Genomic alterations considered for the Basket of Baskets study
Genomic alterations considered for the use of atezolizumab in the first treatment module opened for the Basket of Baskets (NCT03767075) study opened during the evaluation of the CCE patient cohort described here are the following: BRCA1 or BRCA2 loss-of-function mutations (arm 1A); MLH1, MSH2, MSH6 or PMS2 loss-of-function mutations (arm 1B); POLE or POLD1 switch-of-function mutations (arm 1C); intermediate or high tumor mutation burden without an apparent mechanism for DNA damage repair malfunction (arm 1D); loss of function observed in other DNA damage repair genes (arm 1E); and CD274 (PDL-1) copy-number amplifications (arm 1F). Note that the Basket of Baskets is a dynamic platform trial in which new treatment modules are progressively opened or closed through the corresponding amendments.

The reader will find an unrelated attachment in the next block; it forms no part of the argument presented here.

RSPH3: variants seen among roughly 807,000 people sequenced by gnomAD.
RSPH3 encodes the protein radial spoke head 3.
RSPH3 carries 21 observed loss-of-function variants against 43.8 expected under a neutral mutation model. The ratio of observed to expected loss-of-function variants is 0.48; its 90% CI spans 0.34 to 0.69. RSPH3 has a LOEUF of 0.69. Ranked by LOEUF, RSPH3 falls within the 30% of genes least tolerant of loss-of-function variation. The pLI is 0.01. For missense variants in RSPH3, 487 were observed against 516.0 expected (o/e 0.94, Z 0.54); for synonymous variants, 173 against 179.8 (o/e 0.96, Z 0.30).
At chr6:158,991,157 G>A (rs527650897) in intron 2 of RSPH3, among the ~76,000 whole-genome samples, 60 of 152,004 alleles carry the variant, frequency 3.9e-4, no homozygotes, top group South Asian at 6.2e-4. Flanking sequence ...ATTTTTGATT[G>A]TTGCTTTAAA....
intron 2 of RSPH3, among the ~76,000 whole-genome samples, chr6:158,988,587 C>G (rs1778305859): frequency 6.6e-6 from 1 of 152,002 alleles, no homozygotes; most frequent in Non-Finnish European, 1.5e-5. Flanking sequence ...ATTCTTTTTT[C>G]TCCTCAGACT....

List of genes evaluated for germline variants conferring inherited increased cancer risk
These are the genes recommended by the American College of Medical Genetics and Genomics (ACMG SF v2.0 update), plus some additions (marked with an asterisk) agreed to be clinically actionable by the CCE Genetic Counseling Task Force. Of note, the MTBP issues genetic counseling alerts only if the germline variants observed in these genes are estimated to be loss of function based on well-curated evidence and/or bona fide biological assumptions, regardless of patient clinical information: APC, ATM*, BMPR1A, BRCA1, BRCA2, BRIP1*, CDH1*, CHEK2, MEN1, MLH1, MSH2, MSH6, MUTYH (only reported for homozygous or compound heterozygous MUTYH mutations), NF2, PALB2*, PMS2, PTEN, RAD51C*, RAD51D*, RB1, RET, SDHB, SDHC, SDHD, SMAD3, SMAD4, STK11, TGFBR1, TGFBR2, TP53, TSC1, TSC2, VHL and WT1.